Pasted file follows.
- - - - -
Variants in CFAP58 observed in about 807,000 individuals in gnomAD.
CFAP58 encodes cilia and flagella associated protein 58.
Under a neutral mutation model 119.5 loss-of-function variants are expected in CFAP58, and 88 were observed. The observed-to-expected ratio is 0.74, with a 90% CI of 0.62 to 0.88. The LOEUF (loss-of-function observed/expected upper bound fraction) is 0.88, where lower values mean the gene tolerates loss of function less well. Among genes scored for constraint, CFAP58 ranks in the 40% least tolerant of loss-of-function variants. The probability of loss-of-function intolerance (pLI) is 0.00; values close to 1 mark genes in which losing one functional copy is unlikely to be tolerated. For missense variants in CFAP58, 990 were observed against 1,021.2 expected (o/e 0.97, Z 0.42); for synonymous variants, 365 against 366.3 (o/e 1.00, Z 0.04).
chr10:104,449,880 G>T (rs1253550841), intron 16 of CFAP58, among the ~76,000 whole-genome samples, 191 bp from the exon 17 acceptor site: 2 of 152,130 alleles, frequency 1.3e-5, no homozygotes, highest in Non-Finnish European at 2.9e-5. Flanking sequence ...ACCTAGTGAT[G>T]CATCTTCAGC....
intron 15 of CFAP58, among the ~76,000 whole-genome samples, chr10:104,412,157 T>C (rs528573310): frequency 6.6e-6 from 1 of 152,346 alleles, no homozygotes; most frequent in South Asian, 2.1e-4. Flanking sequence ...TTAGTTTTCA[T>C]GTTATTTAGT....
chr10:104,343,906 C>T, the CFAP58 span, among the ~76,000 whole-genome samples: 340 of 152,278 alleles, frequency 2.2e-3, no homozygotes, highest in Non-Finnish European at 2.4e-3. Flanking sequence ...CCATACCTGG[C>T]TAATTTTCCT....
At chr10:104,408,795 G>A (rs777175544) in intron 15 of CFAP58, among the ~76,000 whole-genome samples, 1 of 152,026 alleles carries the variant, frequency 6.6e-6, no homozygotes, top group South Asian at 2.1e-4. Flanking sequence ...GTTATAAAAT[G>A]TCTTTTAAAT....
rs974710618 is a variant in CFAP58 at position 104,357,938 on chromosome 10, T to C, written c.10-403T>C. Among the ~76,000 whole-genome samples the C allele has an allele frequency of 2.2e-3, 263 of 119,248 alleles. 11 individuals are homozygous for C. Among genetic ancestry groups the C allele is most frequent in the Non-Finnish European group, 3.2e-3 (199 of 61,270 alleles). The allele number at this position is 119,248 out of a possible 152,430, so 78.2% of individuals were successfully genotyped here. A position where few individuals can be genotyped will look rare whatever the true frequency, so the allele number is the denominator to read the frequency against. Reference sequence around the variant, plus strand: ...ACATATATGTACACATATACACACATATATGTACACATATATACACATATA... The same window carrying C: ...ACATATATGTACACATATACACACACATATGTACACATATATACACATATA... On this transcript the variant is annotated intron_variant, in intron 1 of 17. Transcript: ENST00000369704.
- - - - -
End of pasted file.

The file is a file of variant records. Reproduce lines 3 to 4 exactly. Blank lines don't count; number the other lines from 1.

Under a neutral mutation model 119.5 loss-of-function variants are expected in CFAP58, and 88 were observed. The observed-to-expected ratio is 0.74, with a 90% CI of 0.62 to 0.88. The LOEUF (loss-of-function observed/expected upper bound fraction) is 0.88, where lower values mean the gene tolerates loss of function less well. Among genes scored for constraint, CFAP58 ranks in the 40% least tolerant of loss-of-function variants. The probability of loss-of-function intolerance (pLI) is 0.00; values close to 1 mark genes in which losing one functional copy is unlikely to be tolerated. For missense variants in CFAP58, 990 were observed against 1,021.2 expected (o/e 0.97, Z 0.42); for synonymous variants, 365 against 366.3 (o/e 1.00, Z 0.04).
chr10:104,449,880 G>T (rs1253550841), intron 16 of CFAP58, among the ~76,000 whole-genome samples, 191 bp from the exon 17 acceptor site: 2 of 152,130 alleles, frequency 1.3e-5, no homozygotes, highest in Non-Finnish European at 2.9e-5. Flanking sequence ...ACCTAGTGAT[G>T]CATCTTCAGC....